You Earned a Statement Credit:
It’s possible that you’ll get more than you bargained for if you use credit card incentives to acquire a statement credit. There’s a chance you’ve cleared your debt without ever thinking about a credit line.
You Overpaid Your Statement Balance:
If you inadvertently overpay your statement balance, you will have a negative balance.
You Have a Fraudulent Charge Removed After Paying the Disputed Amount:
You get the challenged amount refunded to you, and the fraudulent charge is voided. Payment of your balance can lead to a negative balance.
You Have Fees Canceled:
It might result from waived interest rates, yearly fees, or late fees that you’ve previously paid down.
What to Do About a Negative Balance on a Credit Card?
It is not worth worrying to have a negative credit card balance. In reality, there isn’t much of a requirement on your part. To help you relax, here are a few easy steps that will help:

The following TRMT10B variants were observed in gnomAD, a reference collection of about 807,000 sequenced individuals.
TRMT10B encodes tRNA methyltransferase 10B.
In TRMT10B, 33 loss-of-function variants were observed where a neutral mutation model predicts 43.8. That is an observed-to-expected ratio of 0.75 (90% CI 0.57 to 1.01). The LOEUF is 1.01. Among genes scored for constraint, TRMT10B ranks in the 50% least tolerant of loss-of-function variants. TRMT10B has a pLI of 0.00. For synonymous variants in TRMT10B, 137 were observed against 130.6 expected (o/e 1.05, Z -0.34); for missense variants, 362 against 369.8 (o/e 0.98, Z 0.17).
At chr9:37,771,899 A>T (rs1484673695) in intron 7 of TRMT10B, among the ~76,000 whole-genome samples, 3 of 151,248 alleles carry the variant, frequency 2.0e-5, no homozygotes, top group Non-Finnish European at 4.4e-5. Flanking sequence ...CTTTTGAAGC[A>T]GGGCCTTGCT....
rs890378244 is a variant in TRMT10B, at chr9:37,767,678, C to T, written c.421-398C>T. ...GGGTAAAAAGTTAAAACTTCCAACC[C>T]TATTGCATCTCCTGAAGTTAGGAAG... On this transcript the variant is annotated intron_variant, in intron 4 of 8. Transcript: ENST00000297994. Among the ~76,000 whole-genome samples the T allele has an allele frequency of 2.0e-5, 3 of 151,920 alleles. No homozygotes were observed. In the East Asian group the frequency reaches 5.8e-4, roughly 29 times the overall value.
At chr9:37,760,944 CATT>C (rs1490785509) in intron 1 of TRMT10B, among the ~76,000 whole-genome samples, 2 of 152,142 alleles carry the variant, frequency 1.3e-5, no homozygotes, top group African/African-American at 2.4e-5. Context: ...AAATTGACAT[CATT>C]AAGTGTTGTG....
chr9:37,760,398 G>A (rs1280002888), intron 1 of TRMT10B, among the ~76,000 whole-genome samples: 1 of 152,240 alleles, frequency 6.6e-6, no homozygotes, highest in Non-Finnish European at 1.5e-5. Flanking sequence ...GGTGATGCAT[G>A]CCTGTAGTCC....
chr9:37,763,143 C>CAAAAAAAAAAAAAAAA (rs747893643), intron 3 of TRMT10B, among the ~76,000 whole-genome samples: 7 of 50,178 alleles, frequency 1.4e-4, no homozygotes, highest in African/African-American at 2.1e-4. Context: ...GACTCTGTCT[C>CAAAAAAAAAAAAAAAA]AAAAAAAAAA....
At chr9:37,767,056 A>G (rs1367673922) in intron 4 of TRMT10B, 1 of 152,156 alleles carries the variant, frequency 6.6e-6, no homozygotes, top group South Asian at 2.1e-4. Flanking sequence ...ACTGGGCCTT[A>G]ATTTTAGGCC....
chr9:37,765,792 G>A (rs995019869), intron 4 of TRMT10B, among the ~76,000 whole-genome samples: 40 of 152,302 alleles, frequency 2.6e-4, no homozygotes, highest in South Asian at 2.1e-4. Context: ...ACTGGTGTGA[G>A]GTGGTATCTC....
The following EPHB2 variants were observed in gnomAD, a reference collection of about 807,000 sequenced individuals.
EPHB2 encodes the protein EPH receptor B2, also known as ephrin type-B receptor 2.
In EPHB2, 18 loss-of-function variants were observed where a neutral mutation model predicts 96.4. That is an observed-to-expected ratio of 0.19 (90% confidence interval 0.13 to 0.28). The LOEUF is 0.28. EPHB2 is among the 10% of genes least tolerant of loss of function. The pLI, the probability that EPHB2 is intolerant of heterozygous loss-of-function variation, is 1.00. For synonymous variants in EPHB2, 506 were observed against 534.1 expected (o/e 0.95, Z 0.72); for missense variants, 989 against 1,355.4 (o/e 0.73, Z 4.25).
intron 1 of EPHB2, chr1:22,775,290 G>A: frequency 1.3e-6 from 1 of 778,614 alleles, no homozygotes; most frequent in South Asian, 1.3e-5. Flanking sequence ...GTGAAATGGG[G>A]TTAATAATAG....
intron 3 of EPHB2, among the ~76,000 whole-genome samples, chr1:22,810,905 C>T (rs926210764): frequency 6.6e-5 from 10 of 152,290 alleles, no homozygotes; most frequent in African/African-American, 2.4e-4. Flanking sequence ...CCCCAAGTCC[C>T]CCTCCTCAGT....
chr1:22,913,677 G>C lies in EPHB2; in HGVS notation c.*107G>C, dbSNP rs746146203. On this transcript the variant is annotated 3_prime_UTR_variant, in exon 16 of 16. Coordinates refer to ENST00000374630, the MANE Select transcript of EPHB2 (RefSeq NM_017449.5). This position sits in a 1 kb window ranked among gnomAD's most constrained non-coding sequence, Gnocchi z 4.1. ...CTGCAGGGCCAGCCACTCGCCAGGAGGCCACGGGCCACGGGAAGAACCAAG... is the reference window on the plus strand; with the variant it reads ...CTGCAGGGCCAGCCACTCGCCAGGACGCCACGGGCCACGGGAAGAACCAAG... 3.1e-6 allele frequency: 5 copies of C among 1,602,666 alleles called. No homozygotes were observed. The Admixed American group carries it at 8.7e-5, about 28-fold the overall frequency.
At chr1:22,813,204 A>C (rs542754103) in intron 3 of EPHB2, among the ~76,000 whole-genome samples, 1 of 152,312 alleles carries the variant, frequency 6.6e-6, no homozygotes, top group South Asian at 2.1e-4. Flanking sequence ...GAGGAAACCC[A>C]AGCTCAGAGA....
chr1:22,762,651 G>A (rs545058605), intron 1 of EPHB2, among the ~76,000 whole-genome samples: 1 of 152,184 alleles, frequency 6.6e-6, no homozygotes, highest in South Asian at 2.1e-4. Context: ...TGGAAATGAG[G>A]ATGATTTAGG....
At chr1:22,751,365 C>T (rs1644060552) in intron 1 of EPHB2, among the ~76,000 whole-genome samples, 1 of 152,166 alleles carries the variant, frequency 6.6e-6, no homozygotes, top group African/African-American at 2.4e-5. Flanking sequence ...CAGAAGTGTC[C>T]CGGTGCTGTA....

Contact Customer Service:
You can get a refund of your negative amount by calling your credit card company’s customer care department and explaining your situation. You should be able to receive a refund if you explain the problem and ask for your choices. Most credit card companies will be able to send you a refund in the form of a cheque, money order, or direct deposit into your bank account, depending on your preference. It all depends on your cardholder agreement for the specifics. A complete refund and the ability to access your money should be possible within a few business days in general unless your credit card company has very tight regulations concerning negative balances.
Request a Deposit:
If your credit card company allows it, ask for a deposit of the negative balance into your bank account. There are also more options, such as checking, money order, and/or cash.
If you have only a modest balance, making a purchase may be the simplest solution. Take a $200 negative balance. If you spend that money on groceries and other necessities, your card balance will go restored to zero once a few more purchases are made. This approach has nothing wrong with it—after all, it’s the money you’re dealing with. If you “spent away” a negative amount, you face the risk of overspending, collecting more debt, or skipping a payment, which results in late fees, interest, and harm to your credit score.